Will K-pop singers be likely contenders for Grammy nods?
K-pop acts’ race to the Grammys continues this year, with a growing number of artists bidding to make inroads into the world’s most prestigious music event. And this time, it’s not just BTS.
Reports from the US music industry showed that the nominee selection process for the 66th Grammy Awards has commenced recently, with a sizable batch of K-pop singers and groups spotted among the hopefuls.
K-pop’s biggest group and three-time Grammy nominee BTS is taking another shot—this time, not as a group, but with the seven members each submitting individual entries.
Topping in number of submissions is Jimin, who entered in a total of six categories including for song of the year and rookie of the year with “Like Crazy.” He also entered “Face” for best pop vocal album, along with the original soundtrack song “Angel Pt. 1” for the film “Fast X” under best pop duo/group performance.
Jungkook submitted his Billboard Hot 100-topping single “Seven (feat. Latto)” in four categories: rookie of the year, song of the year, best pop duo/group performance and best music video.
The septet’s rappers, RM and Suga, each submitted in three categories. RM is vying for best pop vocal album with his solo LP “Indigo.” He is also entering for best pop duo/group performance and best music video with his album’s main song, “Wild Flower.” Meanwhile, under his solo alias Agust D, Suga submitted for best rap album with “D-Day” and in for best rap performance and best music video with “Haegeum.”
V presented his album “Layover” for consideration in the best pop vocal album category. He also submitted his song “Slow Dancing” for best pop solo performance and best music video, while Jin submitted his song “On the Street” for best pop solo performance and best music video.
J-Hope’s “On the Street,” which the BTS rapper-dancer composed and featured in a music video in collaboration with American rapper J. Cole, was entered for best pop duo/group performance and best music video.
BTS’ brother group of label Big Hit Music, Tomorrow X Together, joins the race with “Back for More,” featuring Brazilian singer Anitta, submitted in the best pop duo/group performance category. It also submitted “Sugar Rush Ride” for best music video. Its recent Disney+ documentary is also submitted for the best music film category.
Several K-pop acts are competing for a best new artist nomination, including Stray Kids, aespa, Seventeen and Fifty Fifty.
On top, Stray Kids has submitted its Billboard 200-topping LP “5-Star” for album of the year and best pop vocal album. The album’s focal track, “S-Class,” was submitted in four categories including rookie of the year and song of the year.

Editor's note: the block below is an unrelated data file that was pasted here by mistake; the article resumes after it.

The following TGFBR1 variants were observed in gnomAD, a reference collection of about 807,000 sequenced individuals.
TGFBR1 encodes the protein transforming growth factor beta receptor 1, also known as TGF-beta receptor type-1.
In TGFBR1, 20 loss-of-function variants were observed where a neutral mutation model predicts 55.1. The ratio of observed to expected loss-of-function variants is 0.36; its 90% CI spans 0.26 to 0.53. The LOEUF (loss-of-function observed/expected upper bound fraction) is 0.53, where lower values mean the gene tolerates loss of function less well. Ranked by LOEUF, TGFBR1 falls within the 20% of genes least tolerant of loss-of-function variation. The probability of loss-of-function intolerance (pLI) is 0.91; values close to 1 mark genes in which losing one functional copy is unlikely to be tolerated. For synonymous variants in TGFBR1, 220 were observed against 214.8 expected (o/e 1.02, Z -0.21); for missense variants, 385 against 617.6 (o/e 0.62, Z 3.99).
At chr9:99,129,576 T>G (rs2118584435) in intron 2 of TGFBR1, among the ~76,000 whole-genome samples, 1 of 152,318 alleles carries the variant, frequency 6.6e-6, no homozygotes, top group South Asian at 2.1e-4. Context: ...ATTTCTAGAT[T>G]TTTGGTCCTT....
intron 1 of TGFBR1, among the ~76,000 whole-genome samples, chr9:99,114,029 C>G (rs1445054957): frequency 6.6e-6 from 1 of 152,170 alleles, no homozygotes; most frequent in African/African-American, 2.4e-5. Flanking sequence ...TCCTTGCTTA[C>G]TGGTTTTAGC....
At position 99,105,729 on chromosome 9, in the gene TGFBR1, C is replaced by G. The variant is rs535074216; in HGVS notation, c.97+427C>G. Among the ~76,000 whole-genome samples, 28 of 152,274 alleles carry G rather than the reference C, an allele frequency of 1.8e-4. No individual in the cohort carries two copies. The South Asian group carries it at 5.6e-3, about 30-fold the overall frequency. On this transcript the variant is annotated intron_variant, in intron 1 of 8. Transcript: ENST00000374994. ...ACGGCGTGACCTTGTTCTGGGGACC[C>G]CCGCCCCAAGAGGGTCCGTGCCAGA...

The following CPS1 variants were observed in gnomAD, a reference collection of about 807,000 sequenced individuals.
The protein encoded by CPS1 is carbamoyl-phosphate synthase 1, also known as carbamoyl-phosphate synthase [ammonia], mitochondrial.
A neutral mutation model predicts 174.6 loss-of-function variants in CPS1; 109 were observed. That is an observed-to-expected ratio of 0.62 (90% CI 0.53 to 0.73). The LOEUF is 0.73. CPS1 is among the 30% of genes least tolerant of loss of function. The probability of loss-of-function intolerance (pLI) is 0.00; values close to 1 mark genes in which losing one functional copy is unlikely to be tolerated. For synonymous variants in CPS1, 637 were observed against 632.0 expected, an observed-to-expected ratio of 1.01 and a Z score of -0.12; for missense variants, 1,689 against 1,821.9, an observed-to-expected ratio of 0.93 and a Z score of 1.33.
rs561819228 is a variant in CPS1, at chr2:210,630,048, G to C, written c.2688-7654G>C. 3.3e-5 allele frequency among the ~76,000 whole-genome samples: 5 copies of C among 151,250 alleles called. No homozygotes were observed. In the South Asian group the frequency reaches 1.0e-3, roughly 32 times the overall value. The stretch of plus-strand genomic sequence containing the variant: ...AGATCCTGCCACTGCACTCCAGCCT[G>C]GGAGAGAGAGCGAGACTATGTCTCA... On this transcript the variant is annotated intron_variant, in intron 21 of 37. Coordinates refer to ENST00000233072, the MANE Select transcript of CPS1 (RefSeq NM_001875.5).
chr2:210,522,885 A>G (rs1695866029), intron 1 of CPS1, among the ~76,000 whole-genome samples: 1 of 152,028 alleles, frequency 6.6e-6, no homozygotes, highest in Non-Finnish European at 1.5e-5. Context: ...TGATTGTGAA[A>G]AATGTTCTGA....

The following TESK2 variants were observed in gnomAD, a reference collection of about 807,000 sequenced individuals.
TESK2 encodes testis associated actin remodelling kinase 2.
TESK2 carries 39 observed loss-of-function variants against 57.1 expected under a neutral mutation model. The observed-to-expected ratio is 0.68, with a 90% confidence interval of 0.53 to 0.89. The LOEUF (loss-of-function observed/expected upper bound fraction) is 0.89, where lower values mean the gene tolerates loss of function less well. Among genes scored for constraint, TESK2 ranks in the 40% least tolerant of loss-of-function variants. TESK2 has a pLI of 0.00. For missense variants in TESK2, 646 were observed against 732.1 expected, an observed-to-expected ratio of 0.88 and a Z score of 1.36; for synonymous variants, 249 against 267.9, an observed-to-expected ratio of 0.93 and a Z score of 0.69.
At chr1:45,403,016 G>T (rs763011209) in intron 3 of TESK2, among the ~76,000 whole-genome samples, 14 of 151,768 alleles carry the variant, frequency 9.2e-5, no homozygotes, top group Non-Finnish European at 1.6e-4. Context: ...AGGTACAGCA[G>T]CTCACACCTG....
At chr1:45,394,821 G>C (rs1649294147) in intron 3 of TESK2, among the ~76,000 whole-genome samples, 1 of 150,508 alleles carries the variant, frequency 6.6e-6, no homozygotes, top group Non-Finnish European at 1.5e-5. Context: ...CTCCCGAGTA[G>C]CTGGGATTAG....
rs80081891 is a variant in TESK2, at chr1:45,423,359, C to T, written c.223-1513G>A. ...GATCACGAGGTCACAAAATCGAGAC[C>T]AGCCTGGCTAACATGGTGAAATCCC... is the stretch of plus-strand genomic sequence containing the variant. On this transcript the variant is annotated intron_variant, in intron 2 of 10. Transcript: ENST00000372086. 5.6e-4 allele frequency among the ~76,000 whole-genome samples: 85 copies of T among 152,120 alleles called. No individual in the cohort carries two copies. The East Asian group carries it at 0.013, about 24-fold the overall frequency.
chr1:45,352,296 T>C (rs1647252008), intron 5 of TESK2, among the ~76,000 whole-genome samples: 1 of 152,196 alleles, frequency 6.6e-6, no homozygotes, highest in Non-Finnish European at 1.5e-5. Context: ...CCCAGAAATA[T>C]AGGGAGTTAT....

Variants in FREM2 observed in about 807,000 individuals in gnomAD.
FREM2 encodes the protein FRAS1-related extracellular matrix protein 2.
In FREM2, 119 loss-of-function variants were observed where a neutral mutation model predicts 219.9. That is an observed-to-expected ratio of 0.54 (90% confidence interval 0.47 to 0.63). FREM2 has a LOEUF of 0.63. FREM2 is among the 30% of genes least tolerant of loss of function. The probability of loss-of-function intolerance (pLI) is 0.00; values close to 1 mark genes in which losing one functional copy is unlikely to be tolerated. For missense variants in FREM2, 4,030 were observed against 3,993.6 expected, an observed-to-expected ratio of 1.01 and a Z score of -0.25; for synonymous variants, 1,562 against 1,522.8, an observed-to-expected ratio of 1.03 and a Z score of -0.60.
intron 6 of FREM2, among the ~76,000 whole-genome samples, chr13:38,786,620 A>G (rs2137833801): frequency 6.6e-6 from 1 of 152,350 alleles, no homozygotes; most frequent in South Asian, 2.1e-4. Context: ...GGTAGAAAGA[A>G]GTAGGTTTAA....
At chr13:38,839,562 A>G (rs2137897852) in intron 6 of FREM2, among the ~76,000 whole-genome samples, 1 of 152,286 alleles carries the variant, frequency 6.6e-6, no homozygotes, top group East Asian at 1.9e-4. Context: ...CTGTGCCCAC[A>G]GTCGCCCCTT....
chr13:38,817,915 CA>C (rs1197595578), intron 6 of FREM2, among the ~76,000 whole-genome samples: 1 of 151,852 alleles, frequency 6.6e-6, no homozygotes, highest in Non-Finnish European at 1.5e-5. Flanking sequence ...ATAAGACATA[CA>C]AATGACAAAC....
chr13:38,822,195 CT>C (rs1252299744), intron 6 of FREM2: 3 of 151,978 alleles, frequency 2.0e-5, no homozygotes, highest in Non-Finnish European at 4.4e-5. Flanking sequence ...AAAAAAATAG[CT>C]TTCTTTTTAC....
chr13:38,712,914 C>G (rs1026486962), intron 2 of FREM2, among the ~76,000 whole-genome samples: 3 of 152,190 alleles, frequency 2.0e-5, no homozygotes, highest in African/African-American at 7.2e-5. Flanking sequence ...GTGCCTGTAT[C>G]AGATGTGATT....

Vying against Stray Kids’ “S-Class,” which was submitted to four categories, is girl group Twice’s disco anthem “Set Me Free.” Twice’s album “Ready to Be” appears on the list of entries for the album of the year and the pop vocal album.
Sensational rookie group Fifty Fifty takes its first shot at a Grammy nomination. The band submitted its megahit “Cupid” for a potential nod in four categories including record of the year and song of the year, while its “Barbie” original soundtrack song, “Barbie Dreams,” featuring Kaliii, has been submitted for best pop duo/group performance.
Also vying for a nomination in the best pop duo/group performance are NCT Dream’s “Broken Melodies” and Jon Batiste’s “Be Who You Are,” featuring K-pop girl group NewJeans.
The Grammy Awards is considered one of the three most influential music awards in the US, along with the Billboard Music Awards and the American Music Awards. Once considered impenetrable for Korean musicians, BTS made a breakthrough in 2021 when its English-language pop song “Dynamite” received a nod for best pop duo/group performance—becoming the first K-pop act to get a Grammy nomination.
While this is not the first time that multiple K-pop artists have jumped in to win a ticket to the Grammys, the pool is larger than usual, music critic Jung Min-jae told The Korea Herald.
“Submissions have always been open to everyone. But in the past, it was overlooked by K-pop acts, or, more precisely put, considered unattainable by them,” said Jung, who added the surge in K-pop entries mainly results from BTS members’ individual participation.
Partaking in the bid itself carries more significance for both the musicians and the industry than before, the critic added, saying, “It’s like the Academy Awards. The whole nation talks about which Korean films will go out to compete, and that itself garners a spotlight.”
He was quite skeptical on seeing any K-pop artists getting shortlisted this year, however.
“Most are commercial songs. Even the two most successful on the charts, ‘Seven’ and ‘Cupid,’ are more commercial hits who may be assessed on a different note artistically. Commercial clout has become more important in the Grammys, but artistic merit, such as the singer’s contribution in the song-making, plays more dominantly,” Jung added.
The first-round voting for the 66th edition of the Grammy Awards began on Oct. 11 and will run until this Friday, US time. The eligible voting members of the Recording Academy, the event’s hosting body, will select the nominees and announce the full list on Nov. 10.
The final winners will be pronounced at the awarding ceremony slated to take place on Feb. 5, 2024, at the Crypto.com Arena in Los Angeles. HM/ra